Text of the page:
Latham & Watkins‘ new London litigation co-chair, Oliver Browne (pictured), talks about the firm’s plans for growth and the relationship between US and UK firms in the City.
How did you get into law and why litigation?
I like arguing. Sounds like a cliché, but I like to persuade people that I’m right. I was always told at school the chances of me becoming a lawyer were zero. I went to a comprehensive school in Wiltshire, and we were not always encouraged to aim high. That had the reverse effect on me.
At university in Paris, I took an international arbitration course. I like the cross-cultural nature of international arbitration. Someone from Asia, say, will have a very different concept of dispute resolution when compared with someone in America, for example, and international arbitration really allows you to help with that.
What are the standout matters in your career?
The key arbitration matter in my career was when I represented a Polish foundry owner when I was an associate. He had very little money and his business was in such peril. I remember thinking if I win the case the foundry continues, if I lose 2,000 people will end up unemployed. That really showed me that I can help someone in a difficult situation.
You were an associate at Allen & Overy until 2005. How have you seen the relationship between US and UK firms develop over time?
When I started, US firms were still trying to maintain their US culture in London, with expats form the US and a few local lawyers. Over the last decade, the UK offices of US firms have evolved and become more adapted to the local market. Latham always had a strong meritocratic culture and is incredibly well run and that differentiates it.
A number of UK firms have tried a package of measures to deal with the threat of US firms, including sustained efforts to crack the US market. It is an incredibly hard place to compete, as many have discovered.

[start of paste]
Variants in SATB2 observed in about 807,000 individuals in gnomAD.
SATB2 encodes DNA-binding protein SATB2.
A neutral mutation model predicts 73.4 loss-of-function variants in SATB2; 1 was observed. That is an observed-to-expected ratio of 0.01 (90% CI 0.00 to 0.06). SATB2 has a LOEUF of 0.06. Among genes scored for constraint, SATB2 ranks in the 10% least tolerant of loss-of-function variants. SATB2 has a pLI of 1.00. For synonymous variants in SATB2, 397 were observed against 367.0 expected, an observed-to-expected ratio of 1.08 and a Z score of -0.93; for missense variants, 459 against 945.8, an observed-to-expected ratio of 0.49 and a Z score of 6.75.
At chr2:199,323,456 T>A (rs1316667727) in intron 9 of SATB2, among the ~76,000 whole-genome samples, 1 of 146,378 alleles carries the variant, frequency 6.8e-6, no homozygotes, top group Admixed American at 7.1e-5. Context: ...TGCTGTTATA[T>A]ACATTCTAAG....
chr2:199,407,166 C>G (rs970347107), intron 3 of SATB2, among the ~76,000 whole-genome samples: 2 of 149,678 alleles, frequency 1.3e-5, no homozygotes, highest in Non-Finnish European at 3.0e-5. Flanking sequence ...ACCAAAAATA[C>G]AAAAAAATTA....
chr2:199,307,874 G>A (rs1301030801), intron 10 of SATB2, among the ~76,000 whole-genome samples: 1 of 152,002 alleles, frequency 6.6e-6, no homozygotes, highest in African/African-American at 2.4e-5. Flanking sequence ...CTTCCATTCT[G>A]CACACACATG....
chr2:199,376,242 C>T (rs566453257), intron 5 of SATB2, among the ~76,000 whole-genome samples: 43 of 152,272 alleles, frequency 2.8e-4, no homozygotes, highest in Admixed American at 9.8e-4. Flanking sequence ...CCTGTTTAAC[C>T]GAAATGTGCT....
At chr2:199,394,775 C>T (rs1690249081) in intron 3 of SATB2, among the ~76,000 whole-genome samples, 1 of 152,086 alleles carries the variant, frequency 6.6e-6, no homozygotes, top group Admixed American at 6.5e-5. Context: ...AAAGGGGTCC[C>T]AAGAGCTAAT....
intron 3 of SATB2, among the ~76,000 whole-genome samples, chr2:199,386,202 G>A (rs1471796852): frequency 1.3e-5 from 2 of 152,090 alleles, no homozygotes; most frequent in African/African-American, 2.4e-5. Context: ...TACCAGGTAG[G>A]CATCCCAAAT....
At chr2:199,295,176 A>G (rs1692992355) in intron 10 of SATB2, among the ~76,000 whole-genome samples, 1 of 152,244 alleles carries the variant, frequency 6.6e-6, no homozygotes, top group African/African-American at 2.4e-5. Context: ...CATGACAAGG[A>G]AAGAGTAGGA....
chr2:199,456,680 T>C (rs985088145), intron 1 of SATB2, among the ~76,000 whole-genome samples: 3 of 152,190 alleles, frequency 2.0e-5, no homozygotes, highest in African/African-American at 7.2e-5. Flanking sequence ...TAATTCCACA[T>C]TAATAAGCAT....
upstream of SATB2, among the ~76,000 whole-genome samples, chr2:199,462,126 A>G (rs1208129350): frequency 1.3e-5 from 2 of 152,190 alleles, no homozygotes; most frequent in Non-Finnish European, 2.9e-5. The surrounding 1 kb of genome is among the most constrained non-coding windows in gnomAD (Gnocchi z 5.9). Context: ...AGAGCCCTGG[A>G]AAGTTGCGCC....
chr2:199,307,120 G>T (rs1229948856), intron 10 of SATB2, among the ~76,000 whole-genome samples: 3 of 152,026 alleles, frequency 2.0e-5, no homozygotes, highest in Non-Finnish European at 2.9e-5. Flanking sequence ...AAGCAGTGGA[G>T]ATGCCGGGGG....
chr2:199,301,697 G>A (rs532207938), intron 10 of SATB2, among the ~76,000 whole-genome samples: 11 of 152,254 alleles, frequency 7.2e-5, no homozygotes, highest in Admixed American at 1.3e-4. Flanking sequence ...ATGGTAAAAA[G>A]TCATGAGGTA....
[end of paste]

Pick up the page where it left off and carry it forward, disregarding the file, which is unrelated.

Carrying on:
What are the key trends in arbitration?
The approach to the Brussels regulation (or lack thereof) in the context of Brexit fascinates me. The free movement of judgments throughout the EU remains, for me, one of the cornerstones of the European project. It was a really useful thing. Brexit makes all of that less certain, so arbitration may experience another resurgence. It may be that parties should now put arbitration clauses in their contracts, even for transactions within Europe.
What are the major political impacts on the legal market today, and arbitration more specifically?
I am very interested in the approach to ethics taken by firms in the City, in particular when conflicts of interest are likely to occur. The Solicitors Regulation Authority changed from a rules-based to an outcome-focused regime in 2011. It will be interesting to see how people are adapting that to match the modern market, and I still see a lot of challenges ahead. We have a strong ethics committee here at Latham and take these issues very seriously.
This article first appeared on The Lex 100‘s sister publication, Legal Business.